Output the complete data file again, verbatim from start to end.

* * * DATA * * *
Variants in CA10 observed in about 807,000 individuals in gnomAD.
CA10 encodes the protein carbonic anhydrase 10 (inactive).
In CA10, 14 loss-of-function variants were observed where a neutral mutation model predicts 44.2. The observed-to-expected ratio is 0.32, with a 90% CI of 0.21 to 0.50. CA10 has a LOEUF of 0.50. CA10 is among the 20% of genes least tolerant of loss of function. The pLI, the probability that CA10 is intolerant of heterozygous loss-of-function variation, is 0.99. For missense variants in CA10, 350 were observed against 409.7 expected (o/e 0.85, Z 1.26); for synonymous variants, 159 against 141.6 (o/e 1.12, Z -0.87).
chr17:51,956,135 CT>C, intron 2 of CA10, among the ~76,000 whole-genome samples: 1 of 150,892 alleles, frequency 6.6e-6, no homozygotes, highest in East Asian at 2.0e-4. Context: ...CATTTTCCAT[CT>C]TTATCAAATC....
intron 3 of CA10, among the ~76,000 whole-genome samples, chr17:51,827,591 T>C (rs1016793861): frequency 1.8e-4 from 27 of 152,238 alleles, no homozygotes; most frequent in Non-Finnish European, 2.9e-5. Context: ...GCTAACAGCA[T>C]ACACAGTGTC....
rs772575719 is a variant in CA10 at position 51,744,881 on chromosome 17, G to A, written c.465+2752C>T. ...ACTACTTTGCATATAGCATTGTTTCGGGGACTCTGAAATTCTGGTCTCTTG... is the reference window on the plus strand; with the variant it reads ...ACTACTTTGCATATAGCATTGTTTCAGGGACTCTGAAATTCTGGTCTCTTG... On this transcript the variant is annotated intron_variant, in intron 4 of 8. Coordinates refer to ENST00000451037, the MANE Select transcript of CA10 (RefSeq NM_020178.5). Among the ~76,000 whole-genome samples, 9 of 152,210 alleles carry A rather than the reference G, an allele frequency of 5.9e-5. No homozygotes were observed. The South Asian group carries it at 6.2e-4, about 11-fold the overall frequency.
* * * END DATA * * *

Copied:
Variants in CA10 observed in about 807,000 individuals in gnomAD.
CA10 encodes the protein carbonic anhydrase 10 (inactive).
In CA10, 14 loss-of-function variants were observed where a neutral mutation model predicts 44.2. The observed-to-expected ratio is 0.32, with a 90% CI of 0.21 to 0.50. CA10 has a LOEUF of 0.50. CA10 is among the 20% of genes least tolerant of loss of function. The pLI, the probability that CA10 is intolerant of heterozygous loss-of-function variation, is 0.99. For missense variants in CA10, 350 were observed against 409.7 expected (o/e 0.85, Z 1.26); for synonymous variants, 159 against 141.6 (o/e 1.12, Z -0.87).
chr17:51,956,135 CT>C, intron 2 of CA10, among the ~76,000 whole-genome samples: 1 of 150,892 alleles, frequency 6.6e-6, no homozygotes, highest in East Asian at 2.0e-4. Context: ...CATTTTCCAT[CT>C]TTATCAAATC....
intron 3 of CA10, among the ~76,000 whole-genome samples, chr17:51,827,591 T>C (rs1016793861): frequency 1.8e-4 from 27 of 152,238 alleles, no homozygotes; most frequent in Non-Finnish European, 2.9e-5. Context: ...GCTAACAGCA[T>C]ACACAGTGTC....
rs772575719 is a variant in CA10 at position 51,744,881 on chromosome 17, G to A, written c.465+2752C>T. ...ACTACTTTGCATATAGCATTGTTTCGGGGACTCTGAAATTCTGGTCTCTTG... is the reference window on the plus strand; with the variant it reads ...ACTACTTTGCATATAGCATTGTTTCAGGGACTCTGAAATTCTGGTCTCTTG... On this transcript the variant is annotated intron_variant, in intron 4 of 8. Coordinates refer to ENST00000451037, the MANE Select transcript of CA10 (RefSeq NM_020178.5). Among the ~76,000 whole-genome samples, 9 of 152,210 alleles carry A rather than the reference G, an allele frequency of 5.9e-5. No homozygotes were observed. The South Asian group carries it at 6.2e-4, about 11-fold the overall frequency.